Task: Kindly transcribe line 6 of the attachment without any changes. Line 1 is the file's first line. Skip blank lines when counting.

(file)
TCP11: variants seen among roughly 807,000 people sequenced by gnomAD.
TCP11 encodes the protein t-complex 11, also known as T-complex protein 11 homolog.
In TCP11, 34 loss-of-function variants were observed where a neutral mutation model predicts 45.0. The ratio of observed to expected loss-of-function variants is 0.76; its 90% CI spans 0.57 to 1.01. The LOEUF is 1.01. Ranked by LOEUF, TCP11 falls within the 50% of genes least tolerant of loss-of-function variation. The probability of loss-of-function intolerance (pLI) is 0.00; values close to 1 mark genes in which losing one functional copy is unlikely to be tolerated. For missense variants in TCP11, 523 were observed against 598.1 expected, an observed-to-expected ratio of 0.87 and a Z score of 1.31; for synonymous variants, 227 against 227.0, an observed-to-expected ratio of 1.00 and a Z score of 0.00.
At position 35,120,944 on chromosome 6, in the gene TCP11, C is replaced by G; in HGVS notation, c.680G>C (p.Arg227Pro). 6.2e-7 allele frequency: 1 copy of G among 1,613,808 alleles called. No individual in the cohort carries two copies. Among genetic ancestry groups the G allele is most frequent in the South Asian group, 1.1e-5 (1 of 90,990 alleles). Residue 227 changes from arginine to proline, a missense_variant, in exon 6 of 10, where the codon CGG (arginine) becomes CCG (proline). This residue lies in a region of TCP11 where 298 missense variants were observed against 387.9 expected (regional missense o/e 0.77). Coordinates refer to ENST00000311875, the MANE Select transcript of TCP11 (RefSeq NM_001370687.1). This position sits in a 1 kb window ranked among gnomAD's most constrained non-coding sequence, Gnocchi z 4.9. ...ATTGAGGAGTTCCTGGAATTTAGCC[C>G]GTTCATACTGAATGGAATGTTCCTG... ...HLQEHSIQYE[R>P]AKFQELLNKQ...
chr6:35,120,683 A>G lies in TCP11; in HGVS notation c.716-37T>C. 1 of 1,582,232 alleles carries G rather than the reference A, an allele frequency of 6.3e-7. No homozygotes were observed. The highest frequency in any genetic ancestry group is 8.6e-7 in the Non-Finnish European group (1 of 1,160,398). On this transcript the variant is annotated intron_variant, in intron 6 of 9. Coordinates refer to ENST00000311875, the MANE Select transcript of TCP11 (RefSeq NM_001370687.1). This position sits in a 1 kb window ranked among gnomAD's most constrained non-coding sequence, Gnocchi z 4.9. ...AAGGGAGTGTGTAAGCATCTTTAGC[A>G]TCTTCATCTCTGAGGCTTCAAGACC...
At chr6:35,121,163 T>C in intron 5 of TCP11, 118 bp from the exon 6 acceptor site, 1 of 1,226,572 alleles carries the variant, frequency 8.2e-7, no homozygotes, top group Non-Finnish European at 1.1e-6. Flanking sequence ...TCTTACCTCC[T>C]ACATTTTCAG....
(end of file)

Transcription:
At chr6:35,121,163 T>C in intron 5 of TCP11, 118 bp from the exon 6 acceptor site, 1 of 1,226,572 alleles carries the variant, frequency 8.2e-7, no homozygotes, top group Non-Finnish European at 1.1e-6. Flanking sequence ...TCTTACCTCC[T>C]ACATTTTCAG....